Sound Observations: Will Kimbrough’s ‘I Like it Down Here’ reflects his conflicting views about his home state

By Dan Armonaitis
Arts & Entertainment Writer, Spartanburg Herald Journal
Posted Apr 9, 2019 at 4:00 PM

A few years ago, I spoke by phone with musician Will Kimbrough for a story I was writing about Greer-based singer-songwriter Angela Easterling.

The Alabama-born, Nashville, Tenn.-based Kimbrough had produced a couple of Easterling’s albums, and we mostly spoke about that working relationship. Among other compliments, he said that Easterling “writes great songs, and I think she’s got a really cool vision that’s not just your average everyday thing.”

But, in addition to that part of the conversation, we also talked a little about baseball, and what I remember most is him telling me that he had a vintage baseball card of Hall of Famer Roberto Clemente on a shelf that he sometimes looks at for inspiration. Clemente, whose career ended with exactly 3,000 hits, famously died in a plane crash at age 38 on Dec. 31, 1972, while attempting to deliver humanitarian aid from his native Puerto Rico to earthquake victims in Nicaragua.

Now, I’m not sure if that card played any role in inspiring the songs that comprise Kimbrough’s new solo album, which will be released by Soundly Music on April 19, but I certainly like to think it did in some small way.

“I Like it Down Here,” after all, is a solid all-star worthy effort that comes across to my ears as the sonic equivalent of Clemente gracefully chasing a deep fly ball and then turning to make a canon-like throw to third base to nab a runner trying to advance.

In other words, Kimbrough makes things look easy throughout an album that’s a reflection of his conflicting views about his native state that he loves dearly despite its problems.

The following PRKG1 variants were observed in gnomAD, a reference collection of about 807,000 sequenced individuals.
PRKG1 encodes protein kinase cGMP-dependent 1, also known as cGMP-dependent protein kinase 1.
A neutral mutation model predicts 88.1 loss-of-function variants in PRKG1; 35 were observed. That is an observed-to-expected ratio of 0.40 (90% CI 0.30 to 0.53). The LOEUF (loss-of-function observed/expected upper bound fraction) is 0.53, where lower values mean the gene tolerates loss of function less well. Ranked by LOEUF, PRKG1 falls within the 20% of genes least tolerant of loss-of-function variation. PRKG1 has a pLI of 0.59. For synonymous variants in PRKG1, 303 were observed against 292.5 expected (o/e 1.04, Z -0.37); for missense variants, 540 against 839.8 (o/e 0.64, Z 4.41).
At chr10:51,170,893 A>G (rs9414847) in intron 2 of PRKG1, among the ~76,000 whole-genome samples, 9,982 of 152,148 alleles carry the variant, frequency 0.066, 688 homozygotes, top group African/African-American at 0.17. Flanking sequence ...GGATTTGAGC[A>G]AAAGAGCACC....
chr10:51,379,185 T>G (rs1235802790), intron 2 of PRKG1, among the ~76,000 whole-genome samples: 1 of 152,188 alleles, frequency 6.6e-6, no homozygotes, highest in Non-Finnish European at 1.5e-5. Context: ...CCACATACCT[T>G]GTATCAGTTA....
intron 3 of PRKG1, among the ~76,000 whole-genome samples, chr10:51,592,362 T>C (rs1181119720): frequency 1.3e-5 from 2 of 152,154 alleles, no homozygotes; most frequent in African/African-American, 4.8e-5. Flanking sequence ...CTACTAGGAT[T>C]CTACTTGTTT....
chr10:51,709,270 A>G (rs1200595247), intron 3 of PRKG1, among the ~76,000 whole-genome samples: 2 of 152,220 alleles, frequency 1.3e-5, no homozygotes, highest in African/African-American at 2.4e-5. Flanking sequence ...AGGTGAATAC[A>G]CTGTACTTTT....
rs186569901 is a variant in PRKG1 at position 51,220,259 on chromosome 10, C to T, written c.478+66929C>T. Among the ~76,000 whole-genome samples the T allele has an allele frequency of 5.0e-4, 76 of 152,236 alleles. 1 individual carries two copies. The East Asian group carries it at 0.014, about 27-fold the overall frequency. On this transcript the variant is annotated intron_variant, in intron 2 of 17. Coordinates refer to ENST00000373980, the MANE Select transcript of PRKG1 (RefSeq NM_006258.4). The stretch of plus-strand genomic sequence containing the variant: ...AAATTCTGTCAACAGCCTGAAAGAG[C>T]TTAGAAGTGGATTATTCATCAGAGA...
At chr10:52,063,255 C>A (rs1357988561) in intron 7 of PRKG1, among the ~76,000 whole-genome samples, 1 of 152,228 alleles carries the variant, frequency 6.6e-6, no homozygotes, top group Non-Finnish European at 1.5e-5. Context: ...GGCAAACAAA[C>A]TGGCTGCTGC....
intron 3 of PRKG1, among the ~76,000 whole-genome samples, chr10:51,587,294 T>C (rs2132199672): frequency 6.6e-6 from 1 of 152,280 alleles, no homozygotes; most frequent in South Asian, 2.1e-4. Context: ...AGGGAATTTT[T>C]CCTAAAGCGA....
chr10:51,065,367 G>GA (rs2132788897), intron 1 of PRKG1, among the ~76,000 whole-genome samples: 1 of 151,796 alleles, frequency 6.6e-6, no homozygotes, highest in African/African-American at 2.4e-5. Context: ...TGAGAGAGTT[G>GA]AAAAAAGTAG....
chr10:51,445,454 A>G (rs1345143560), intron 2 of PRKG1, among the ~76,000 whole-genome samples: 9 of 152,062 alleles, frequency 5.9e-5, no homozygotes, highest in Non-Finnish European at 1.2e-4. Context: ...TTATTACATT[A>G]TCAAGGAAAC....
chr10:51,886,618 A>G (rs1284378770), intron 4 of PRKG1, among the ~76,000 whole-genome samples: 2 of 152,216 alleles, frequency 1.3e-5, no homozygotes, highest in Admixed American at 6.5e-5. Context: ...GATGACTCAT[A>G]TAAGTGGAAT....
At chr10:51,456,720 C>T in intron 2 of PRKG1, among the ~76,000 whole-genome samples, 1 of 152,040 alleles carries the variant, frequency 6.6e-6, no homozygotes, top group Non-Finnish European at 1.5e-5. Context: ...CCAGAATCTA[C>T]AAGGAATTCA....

While the album includes some fantastic, instantly catchy tracks such as “Hey Trouble,” “I’m Not Running Away” and “When I Get to Memphis,” it’s the more pensive material that packs the biggest punch.

Similar to Easterling’s song, “Isaac Woodard’s Eyes,” which she wrote about an African-American World War II veteran who, in 1946, was savagely beaten by police in a small South Carolina town ”’til they’d robbed him of his sight,” Kimbrough tackles an example of his own state’s racist history in a song called “Alabama (For Michael Donald).” Written from the first-person perspective of the victim of one of the last lynchings in the U.S., which occurred in 1981, the song tears your heart out emotionally.

And then there’s the gospel-tinged “It’s a Sin,” which contains a recurring line about it being a sin to kill mockingbirds that comes across as much more than a veiled social commentary concerning race.

Kimbrough, who is one of the Music City’s most revered contemporary musicians, recently produced and played on Shemekia Copeland’s latest release, “America’s Child,” which is up for Album of the Year at the Blues Music Awards to be announced on May 9. One of the tracks, “Ain’t Got Time for Hate,” was co-written by Kimbrough and earned a nomination for Song of the Year.

On Kimbrough’s new album, Copeland provides backing vocals on “Alabama (For Michael McDonald).”

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